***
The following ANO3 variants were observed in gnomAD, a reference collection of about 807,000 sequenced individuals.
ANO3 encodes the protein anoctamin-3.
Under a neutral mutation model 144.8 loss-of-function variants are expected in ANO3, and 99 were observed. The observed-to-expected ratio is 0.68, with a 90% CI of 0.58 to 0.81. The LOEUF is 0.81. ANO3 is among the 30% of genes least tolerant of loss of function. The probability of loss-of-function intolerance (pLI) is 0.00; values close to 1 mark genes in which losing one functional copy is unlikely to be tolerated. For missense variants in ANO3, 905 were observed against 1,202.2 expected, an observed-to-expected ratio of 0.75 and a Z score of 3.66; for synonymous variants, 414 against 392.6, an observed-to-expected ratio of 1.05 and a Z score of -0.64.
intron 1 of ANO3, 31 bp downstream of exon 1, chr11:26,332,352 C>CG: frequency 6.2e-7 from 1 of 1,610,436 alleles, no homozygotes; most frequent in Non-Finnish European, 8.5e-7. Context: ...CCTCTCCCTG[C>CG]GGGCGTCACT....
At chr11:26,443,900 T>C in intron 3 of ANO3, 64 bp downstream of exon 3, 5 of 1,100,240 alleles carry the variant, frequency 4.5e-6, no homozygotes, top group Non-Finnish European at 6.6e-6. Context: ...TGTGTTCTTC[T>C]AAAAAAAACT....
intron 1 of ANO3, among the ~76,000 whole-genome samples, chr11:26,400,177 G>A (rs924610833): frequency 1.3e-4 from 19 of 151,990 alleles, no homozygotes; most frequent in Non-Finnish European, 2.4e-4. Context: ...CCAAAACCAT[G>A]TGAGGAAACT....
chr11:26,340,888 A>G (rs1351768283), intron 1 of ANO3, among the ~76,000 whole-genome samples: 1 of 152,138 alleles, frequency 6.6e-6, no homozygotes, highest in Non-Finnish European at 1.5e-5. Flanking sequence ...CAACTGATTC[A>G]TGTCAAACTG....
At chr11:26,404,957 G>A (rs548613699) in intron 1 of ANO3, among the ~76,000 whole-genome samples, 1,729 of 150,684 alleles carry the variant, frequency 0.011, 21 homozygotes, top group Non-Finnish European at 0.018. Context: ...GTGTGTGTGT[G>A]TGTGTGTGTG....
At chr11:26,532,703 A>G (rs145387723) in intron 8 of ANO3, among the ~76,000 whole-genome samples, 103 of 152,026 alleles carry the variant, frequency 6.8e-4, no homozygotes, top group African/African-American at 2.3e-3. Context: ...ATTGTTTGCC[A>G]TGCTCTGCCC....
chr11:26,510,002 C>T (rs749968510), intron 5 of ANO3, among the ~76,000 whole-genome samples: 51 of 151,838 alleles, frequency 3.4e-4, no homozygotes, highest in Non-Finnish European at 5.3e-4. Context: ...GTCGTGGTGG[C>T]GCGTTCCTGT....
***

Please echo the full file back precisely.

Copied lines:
The following ANO3 variants were observed in gnomAD, a reference collection of about 807,000 sequenced individuals.
ANO3 encodes the protein anoctamin-3.
Under a neutral mutation model 144.8 loss-of-function variants are expected in ANO3, and 99 were observed. The observed-to-expected ratio is 0.68, with a 90% CI of 0.58 to 0.81. The LOEUF is 0.81. ANO3 is among the 30% of genes least tolerant of loss of function. The probability of loss-of-function intolerance (pLI) is 0.00; values close to 1 mark genes in which losing one functional copy is unlikely to be tolerated. For missense variants in ANO3, 905 were observed against 1,202.2 expected, an observed-to-expected ratio of 0.75 and a Z score of 3.66; for synonymous variants, 414 against 392.6, an observed-to-expected ratio of 1.05 and a Z score of -0.64.
intron 1 of ANO3, 31 bp downstream of exon 1, chr11:26,332,352 C>CG: frequency 6.2e-7 from 1 of 1,610,436 alleles, no homozygotes; most frequent in Non-Finnish European, 8.5e-7. Context: ...CCTCTCCCTG[C>CG]GGGCGTCACT....
At chr11:26,443,900 T>C in intron 3 of ANO3, 64 bp downstream of exon 3, 5 of 1,100,240 alleles carry the variant, frequency 4.5e-6, no homozygotes, top group Non-Finnish European at 6.6e-6. Context: ...TGTGTTCTTC[T>C]AAAAAAAACT....
intron 1 of ANO3, among the ~76,000 whole-genome samples, chr11:26,400,177 G>A (rs924610833): frequency 1.3e-4 from 19 of 151,990 alleles, no homozygotes; most frequent in Non-Finnish European, 2.4e-4. Context: ...CCAAAACCAT[G>A]TGAGGAAACT....
chr11:26,340,888 A>G (rs1351768283), intron 1 of ANO3, among the ~76,000 whole-genome samples: 1 of 152,138 alleles, frequency 6.6e-6, no homozygotes, highest in Non-Finnish European at 1.5e-5. Flanking sequence ...CAACTGATTC[A>G]TGTCAAACTG....
At chr11:26,404,957 G>A (rs548613699) in intron 1 of ANO3, among the ~76,000 whole-genome samples, 1,729 of 150,684 alleles carry the variant, frequency 0.011, 21 homozygotes, top group Non-Finnish European at 0.018. Context: ...GTGTGTGTGT[G>A]TGTGTGTGTG....
At chr11:26,532,703 A>G (rs145387723) in intron 8 of ANO3, among the ~76,000 whole-genome samples, 103 of 152,026 alleles carry the variant, frequency 6.8e-4, no homozygotes, top group African/African-American at 2.3e-3. Context: ...ATTGTTTGCC[A>G]TGCTCTGCCC....
chr11:26,510,002 C>T (rs749968510), intron 5 of ANO3, among the ~76,000 whole-genome samples: 51 of 151,838 alleles, frequency 3.4e-4, no homozygotes, highest in Non-Finnish European at 5.3e-4. Context: ...GTCGTGGTGG[C>T]GCGTTCCTGT....